This is the turning point where the album takes a stepside to prepare for the finale. It’s a bit of an antiquated drive, but long formats and albums are the reasons why we ultimately make music. We still have no idea what a hit is, or what a club track is. Or at least we never start a song with this type of plan in mind. Moonlight is a retrofuturistic jazz-ish theme, which sounds very much like a P.I. drinking a cheap bourbon after a shitty day. He looks through the window only to see skyscrapers, androids and neons. It’s raining.


Moonlight Rendez-Vous and Explorer go together as one song. We wrote it as a futuristic broken version of some of the 90’s R’n’B that we used to listen to when younger. We saw it as a damp, exotic landscape, and then there’s Connan Mockasin. We felt having him appearing near the end of what seems to be an instrumental track would create the appropriate climax. We noticed how beautiful his spoken voice is while discussing the track with him, and asked him to talk over the song. He describes a sort of [70’s french comic book artist] Moebius mirage before landing on a soulful note.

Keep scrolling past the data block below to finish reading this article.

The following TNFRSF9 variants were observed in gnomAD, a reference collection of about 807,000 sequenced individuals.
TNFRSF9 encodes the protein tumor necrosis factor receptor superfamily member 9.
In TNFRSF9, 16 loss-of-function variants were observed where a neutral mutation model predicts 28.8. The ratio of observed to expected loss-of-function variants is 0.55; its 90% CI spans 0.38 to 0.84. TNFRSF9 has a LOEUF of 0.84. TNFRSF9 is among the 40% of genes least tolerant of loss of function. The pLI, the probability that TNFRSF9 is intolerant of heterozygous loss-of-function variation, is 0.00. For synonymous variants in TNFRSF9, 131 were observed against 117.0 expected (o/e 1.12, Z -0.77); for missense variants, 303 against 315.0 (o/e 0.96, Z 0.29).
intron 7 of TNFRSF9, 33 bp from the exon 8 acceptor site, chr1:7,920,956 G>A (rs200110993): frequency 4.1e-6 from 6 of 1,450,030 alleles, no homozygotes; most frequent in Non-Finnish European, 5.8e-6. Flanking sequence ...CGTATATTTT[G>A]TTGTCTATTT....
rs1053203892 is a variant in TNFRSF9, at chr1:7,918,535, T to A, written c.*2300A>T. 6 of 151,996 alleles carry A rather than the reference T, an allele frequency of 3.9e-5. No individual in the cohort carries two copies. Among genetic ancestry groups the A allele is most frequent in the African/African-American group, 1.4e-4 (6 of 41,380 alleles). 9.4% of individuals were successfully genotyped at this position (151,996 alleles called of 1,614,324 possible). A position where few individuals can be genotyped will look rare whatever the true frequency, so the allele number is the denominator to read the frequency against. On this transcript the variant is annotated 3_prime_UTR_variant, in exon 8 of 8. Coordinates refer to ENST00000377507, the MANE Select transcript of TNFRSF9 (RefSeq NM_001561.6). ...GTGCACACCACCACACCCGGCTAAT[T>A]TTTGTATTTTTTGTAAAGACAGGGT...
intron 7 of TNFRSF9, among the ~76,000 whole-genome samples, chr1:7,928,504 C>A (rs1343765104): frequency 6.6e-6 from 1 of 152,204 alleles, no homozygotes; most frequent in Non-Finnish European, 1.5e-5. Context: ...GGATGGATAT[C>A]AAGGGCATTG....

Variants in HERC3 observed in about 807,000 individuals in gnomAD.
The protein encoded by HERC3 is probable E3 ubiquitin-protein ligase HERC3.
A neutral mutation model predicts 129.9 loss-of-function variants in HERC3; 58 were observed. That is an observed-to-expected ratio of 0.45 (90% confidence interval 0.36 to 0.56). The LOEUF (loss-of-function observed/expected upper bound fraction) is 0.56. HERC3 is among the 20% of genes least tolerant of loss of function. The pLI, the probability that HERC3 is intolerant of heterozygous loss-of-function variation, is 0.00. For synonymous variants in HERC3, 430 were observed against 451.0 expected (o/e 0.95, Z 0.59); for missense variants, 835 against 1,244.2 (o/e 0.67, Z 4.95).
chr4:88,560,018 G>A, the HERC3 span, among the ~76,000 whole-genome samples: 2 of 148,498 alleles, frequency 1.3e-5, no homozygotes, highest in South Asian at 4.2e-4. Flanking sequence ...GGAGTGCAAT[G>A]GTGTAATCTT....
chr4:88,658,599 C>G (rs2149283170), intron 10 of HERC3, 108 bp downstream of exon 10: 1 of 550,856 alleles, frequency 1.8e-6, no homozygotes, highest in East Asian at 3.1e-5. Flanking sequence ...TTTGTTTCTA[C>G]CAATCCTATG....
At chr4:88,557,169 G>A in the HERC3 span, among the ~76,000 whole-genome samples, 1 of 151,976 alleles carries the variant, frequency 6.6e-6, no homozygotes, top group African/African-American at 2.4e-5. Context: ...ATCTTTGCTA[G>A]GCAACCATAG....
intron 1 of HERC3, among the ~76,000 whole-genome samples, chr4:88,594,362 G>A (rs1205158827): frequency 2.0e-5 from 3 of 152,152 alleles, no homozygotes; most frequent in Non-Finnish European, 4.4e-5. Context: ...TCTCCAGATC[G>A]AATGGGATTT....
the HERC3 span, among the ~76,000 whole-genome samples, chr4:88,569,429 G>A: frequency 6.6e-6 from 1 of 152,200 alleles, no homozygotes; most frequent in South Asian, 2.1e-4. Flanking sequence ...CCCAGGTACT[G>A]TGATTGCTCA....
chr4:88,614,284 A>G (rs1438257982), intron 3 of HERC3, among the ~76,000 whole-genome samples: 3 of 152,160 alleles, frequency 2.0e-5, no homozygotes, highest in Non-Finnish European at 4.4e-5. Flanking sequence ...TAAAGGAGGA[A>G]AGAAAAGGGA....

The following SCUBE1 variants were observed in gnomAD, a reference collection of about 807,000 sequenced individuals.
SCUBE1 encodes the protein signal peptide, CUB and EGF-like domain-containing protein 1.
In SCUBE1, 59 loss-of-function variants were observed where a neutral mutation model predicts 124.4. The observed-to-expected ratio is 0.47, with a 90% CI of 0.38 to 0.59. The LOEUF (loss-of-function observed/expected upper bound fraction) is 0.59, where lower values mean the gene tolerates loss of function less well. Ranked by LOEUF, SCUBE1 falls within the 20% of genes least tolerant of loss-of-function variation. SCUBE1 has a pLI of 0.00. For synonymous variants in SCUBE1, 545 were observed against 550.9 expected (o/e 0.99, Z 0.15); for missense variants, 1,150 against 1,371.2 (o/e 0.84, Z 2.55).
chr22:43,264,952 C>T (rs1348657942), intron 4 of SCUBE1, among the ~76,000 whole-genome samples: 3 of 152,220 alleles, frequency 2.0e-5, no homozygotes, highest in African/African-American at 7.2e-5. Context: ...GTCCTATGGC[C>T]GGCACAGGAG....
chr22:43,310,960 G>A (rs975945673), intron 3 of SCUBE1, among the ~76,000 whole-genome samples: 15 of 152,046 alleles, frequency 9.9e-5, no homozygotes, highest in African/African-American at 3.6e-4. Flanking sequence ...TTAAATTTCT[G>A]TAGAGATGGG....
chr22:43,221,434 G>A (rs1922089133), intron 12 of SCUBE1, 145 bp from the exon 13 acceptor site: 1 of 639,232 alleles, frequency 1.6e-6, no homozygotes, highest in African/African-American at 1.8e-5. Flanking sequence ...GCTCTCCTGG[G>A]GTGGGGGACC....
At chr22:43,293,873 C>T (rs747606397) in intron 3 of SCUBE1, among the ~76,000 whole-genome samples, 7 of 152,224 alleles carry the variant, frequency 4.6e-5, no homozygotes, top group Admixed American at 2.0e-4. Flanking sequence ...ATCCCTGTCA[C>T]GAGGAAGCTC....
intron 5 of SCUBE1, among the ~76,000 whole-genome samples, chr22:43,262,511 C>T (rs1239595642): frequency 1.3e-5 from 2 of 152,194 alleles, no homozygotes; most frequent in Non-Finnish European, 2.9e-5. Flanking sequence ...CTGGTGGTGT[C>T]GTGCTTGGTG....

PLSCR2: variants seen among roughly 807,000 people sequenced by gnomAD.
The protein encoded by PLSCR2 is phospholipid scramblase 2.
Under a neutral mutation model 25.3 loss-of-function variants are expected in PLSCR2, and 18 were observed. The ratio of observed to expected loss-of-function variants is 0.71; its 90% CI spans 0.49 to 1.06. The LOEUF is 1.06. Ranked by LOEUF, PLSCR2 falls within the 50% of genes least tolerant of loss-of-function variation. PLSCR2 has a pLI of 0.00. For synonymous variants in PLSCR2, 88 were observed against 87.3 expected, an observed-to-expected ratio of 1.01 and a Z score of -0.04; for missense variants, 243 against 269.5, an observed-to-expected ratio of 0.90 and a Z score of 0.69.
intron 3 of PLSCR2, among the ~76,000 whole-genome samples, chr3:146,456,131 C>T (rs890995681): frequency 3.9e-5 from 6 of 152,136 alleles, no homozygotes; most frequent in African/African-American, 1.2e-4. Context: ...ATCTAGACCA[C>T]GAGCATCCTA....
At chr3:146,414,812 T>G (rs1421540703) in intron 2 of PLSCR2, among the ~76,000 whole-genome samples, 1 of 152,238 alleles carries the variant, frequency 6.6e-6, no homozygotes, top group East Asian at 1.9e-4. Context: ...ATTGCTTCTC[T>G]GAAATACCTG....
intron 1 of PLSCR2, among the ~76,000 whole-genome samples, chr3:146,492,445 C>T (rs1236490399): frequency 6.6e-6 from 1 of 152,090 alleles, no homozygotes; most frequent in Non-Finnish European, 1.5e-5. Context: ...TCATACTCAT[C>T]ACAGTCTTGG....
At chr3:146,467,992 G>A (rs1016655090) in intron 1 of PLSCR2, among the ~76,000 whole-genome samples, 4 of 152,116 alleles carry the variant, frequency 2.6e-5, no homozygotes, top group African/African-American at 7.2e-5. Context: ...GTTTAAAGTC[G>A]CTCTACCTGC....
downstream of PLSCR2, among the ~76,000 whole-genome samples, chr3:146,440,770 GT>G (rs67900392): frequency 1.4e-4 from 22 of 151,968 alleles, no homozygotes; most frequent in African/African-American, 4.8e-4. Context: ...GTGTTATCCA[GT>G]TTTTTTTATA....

It's gonna sound awfully pretentious, and it's not meant to be, but it's a bit like how we imagine contemporary classical music made by machines to be. Of course it's not violins and horns or even a piano being used, but we feel there are some similarities in the orchestration, arrangements and emotion range. It's important to have unpleasant moments in an album, in a song, in a book or a film. Something unsettling and a bit demanding, before getting back home. 


We wrote this extension of Muscle Memory in order to lead us to Saturnine. The name is an anagram of HYPERDRAMA.


We don’t think we’ve ever made anything that sounds remotely like this track before.

It started with Gaspard playing around with an E-mu synthesizer guitar sound, and he found the main riff. The rest came very quickly. We love Miguel’s voice when it’s raw. We wanted him to sound outrageously frontal, with no space around his voice. We felt confident we could make this work with a single mono take of his voice, and minimal processing. It also suited the theme of the song, that’s this sort of fear and loathing in Las Vegas sweaty, hallucinatory flow. Feeling well in feeling bad.


Like Kevin, Connan and Miguel, Thundercat was one of the musicians we’ve been wanting to work with for a very long time. They, but also The Flints and Rimon, represent something that we love in the music of today. They’re autonomous artists, accomplished musicians and producers, and it probably helped instil the feeling that they were all a third member of Justice for one or two songs, rather than some people just coming in to sing on a track. We coincidentally wrapped Neverender and The End within the same time period, and they both felt like natural opening and closing songs respectively.

HYPERDRAMA is out now!